Jones v. Allstate Ins. Co.

Citation45 P.3d 1068,146 Wn.2d 291,146 Wash.2d 291
Decision Date09 May 2002
Docket NumberNo. 70607-7.,70607-7.
PartiesJanet JONES and Terry Jones and their marital community, Respondents, v. ALLSTATE INSURANCE COMPANY and Jeremy France, Petitioners, Roy France and Amy France and the marital community comprised thereof; and Daimlerchrysler A.G., Defendants.
CourtUnited States State Supreme Court of Washington

Thomas Collins, John D. Lowry, James Brigman, Michael Rogers, Marilee Erickson, Seattle, for Petitioners.

John Budlong, Seattle, for Respondents.

Carney, Badley, Smith & Spellman, Timothy Parker, James Lobsenz, Seattle, amicus curiae on behalf of National Ass'n of Independent Insurers.

Magladry, Weigel, P.S., Jean Magladry, Bellevue, amicus curiae on behalf of Unites Policyholders.

Bryan Harnetiaux, Debra Stephens, Spokane, amicus curiae on behalf on Wash. State Trial Lawyers Assoc.

Jan Peterson, Linville, Clausen & Linton, Mark Clausen, Seattle, amicus curiae on behalf of Wash. State bar Ass'n.


We are asked to determine whether an insurance company's claims adjuster who developed a nonadversarial relationship with an unrepresented claimant was practicing law when she completed claims forms, advised the claimants regarding the settlement process, and recommended that the claimants sign a complete settlement and release without advising them that there were potential legal consequences or referring them to independent counsel. We hold that the actions of the claims adjuster in this instance constituted the practice of law. The insurance company and its adjusters will be allowed to continue this practice, however, provided they abide by the standard of care of a practicing attorney.

More specifically, we find that Allstate Insurance Company's (Allstate) employee's conduct fell below the standard of care of a practicing attorney when she did not disclose her conflict of interest, advised the claimants, Janet and Terry Jones, to sign the release of all claims arising from the accident, and did not either properly advise the Joneses that there were potential legal consequences of signing Allstate's settlement check and release or refer them to independent counsel. Because no injunctive relief is requested, we do not reach the issue of whether the conduct of Allstate's employee constitutes the unauthorized practice of law and hence is subject to being enjoined.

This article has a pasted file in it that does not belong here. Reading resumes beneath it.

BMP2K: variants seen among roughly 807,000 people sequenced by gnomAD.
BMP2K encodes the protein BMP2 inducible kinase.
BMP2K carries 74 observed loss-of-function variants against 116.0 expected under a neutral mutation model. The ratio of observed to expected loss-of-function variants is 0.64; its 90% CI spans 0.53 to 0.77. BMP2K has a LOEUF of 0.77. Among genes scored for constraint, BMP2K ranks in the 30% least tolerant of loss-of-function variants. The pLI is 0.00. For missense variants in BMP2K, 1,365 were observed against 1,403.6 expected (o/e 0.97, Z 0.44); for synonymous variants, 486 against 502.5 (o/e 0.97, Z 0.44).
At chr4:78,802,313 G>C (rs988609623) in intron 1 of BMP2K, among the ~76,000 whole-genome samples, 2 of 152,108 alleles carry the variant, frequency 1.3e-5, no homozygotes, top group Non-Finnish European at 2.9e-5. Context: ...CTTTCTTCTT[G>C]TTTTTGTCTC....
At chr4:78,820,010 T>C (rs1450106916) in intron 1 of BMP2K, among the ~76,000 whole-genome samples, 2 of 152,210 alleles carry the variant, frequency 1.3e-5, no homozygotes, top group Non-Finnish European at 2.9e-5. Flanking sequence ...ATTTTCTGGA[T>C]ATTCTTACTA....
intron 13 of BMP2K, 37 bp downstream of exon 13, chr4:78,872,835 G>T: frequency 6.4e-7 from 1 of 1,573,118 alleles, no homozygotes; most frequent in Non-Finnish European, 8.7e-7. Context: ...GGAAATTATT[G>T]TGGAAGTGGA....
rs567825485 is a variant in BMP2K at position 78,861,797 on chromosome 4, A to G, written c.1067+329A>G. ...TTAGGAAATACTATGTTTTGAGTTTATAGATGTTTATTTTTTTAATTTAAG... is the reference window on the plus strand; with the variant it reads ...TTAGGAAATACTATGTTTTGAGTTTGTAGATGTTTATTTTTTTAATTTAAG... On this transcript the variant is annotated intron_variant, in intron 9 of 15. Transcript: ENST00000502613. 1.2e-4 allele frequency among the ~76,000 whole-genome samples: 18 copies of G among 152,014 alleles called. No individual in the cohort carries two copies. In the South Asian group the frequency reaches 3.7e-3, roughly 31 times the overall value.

Thus, we affirm the trial court and remand for consideration of the Joneses' bad faith and civil fraud claims (Consumer Protection Act, chapter 19.86 RCW) against Allstate, for consideration of the Joneses' remaining claims against Allstate and the other parties, and for the awarding of damages. On remand, because Jeremy France has not shown that the accord between Allstate and the Joneses was reached in good faith and with full revelation, he may not assert an affirmative defense based on the existence of an accord and satisfaction.


On November 21, 1997 Jeremy France ran a stop sign and broadsided the vehicle driven by Janet Jones, hitting it on the driver's side. Jones was driving a 1992 Plymouth Voyager van. She sustained severe facial injuries, including damage to her right eye. Her scalp was peeled back and she was rendered unconscious from the impact. Jones was airlifted to the Harborview Trauma Center, where she was listed in serious but stable condition. An officer spoke with Terry, Janet's husband, and told him it did not appear that his wife had been wearing a seat belt because the emergency personnel did not have to remove her seat belt to extricate her from the ear. Terry Jones said that it would be unlike his wife not to wear a seat belt and that they had had trouble in the past with the seat belt not latching properly. An examination of the seat belt found that it would not lock into the floor mounted receiver. The release button was pulled up above the locking receiver and would not reset; it appeared that it was pulled out under force. Janet Jones' medical expenses for her hospital stay totaled nearly $75,000. She has undergone surgery on subsequent occasions both to insert plates into her face and head and to remove a plate.

On November 24, three days after the accident, Christy Klein, claims adjuster for Allstate, sent Janet Jones a letter, the first paragraph of which states:

Although we spoke on 112497,[1] I want to reaffirm Allstate's policy that we will provide quality service to anyone who has been involved in an accident with one of our policyholders. As your claim representative, my role is to ensure that you receive this quality service, outlined in the enclosed "Quality Service Pledge."[2]
The Quality Service Pledge, a single sheet of information, promises the following: "Because you have been involved in an accident with an Allstate policyholder, we will provide you with quality service.... Your claim representative is dedicated to carrying out this Quality Service Pledge."3 At the time of Janet's accident, Allstate separated its claim functions into represented and unrepresented claimants. Allstate adjusters, such as Klein, were instructed to act as the individual's claim representative for unrepresented claimants.